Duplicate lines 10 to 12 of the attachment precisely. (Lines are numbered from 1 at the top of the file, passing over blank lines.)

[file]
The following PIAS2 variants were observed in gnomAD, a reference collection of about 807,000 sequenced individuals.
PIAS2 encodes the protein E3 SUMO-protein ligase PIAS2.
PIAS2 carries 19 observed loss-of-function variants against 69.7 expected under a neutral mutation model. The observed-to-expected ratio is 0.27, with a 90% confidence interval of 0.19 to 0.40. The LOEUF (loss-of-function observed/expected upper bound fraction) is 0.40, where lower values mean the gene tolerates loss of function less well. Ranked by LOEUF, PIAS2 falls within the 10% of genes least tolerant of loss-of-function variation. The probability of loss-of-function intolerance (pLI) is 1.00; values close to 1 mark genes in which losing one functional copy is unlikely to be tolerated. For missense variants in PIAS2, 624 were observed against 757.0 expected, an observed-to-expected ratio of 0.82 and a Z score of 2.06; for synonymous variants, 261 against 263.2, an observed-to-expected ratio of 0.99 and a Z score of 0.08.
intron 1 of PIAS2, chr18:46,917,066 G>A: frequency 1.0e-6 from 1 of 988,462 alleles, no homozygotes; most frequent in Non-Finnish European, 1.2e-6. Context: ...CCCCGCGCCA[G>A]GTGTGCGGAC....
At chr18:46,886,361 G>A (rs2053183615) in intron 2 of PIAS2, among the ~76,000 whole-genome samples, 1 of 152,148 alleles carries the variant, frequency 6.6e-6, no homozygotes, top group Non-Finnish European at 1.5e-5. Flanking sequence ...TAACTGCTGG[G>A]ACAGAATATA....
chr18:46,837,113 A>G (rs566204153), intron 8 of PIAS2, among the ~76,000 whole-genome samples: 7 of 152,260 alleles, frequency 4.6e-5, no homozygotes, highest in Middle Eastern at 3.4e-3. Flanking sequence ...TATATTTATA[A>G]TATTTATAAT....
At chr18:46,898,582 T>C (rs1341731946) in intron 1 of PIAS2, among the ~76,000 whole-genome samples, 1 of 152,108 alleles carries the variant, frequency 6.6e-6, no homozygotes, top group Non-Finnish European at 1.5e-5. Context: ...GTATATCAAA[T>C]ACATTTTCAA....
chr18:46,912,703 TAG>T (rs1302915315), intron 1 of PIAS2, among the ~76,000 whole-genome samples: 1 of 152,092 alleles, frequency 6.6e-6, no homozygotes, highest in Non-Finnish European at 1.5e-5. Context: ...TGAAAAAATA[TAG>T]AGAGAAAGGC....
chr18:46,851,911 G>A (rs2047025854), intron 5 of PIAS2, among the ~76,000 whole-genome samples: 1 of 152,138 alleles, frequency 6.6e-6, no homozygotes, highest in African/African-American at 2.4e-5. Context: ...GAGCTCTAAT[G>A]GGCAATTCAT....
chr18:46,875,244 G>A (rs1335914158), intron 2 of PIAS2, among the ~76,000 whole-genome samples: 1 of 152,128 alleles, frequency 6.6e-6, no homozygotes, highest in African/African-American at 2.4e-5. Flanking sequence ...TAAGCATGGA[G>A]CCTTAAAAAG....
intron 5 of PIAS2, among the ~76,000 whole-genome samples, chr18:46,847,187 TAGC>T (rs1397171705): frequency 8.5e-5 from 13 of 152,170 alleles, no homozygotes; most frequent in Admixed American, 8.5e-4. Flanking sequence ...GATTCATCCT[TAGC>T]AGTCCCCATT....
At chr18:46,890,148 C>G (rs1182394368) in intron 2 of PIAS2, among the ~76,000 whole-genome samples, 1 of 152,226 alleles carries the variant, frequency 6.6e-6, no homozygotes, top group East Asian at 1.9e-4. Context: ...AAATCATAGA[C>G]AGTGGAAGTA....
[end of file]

chr18:46,875,244 G>A (rs1335914158), intron 2 of PIAS2, among the ~76,000 whole-genome samples: 1 of 152,128 alleles, frequency 6.6e-6, no homozygotes, highest in African/African-American at 2.4e-5. Flanking sequence ...TAAGCATGGA[G>A]CCTTAAAAAG....
intron 5 of PIAS2, among the ~76,000 whole-genome samples, chr18:46,847,187 TAGC>T (rs1397171705): frequency 8.5e-5 from 13 of 152,170 alleles, no homozygotes; most frequent in Admixed American, 8.5e-4. Flanking sequence ...GATTCATCCT[TAGC>T]AGTCCCCATT....
At chr18:46,890,148 C>G (rs1182394368) in intron 2 of PIAS2, among the ~76,000 whole-genome samples, 1 of 152,226 alleles carries the variant, frequency 6.6e-6, no homozygotes, top group East Asian at 1.9e-4. Context: ...AAATCATAGA[C>G]AGTGGAAGTA....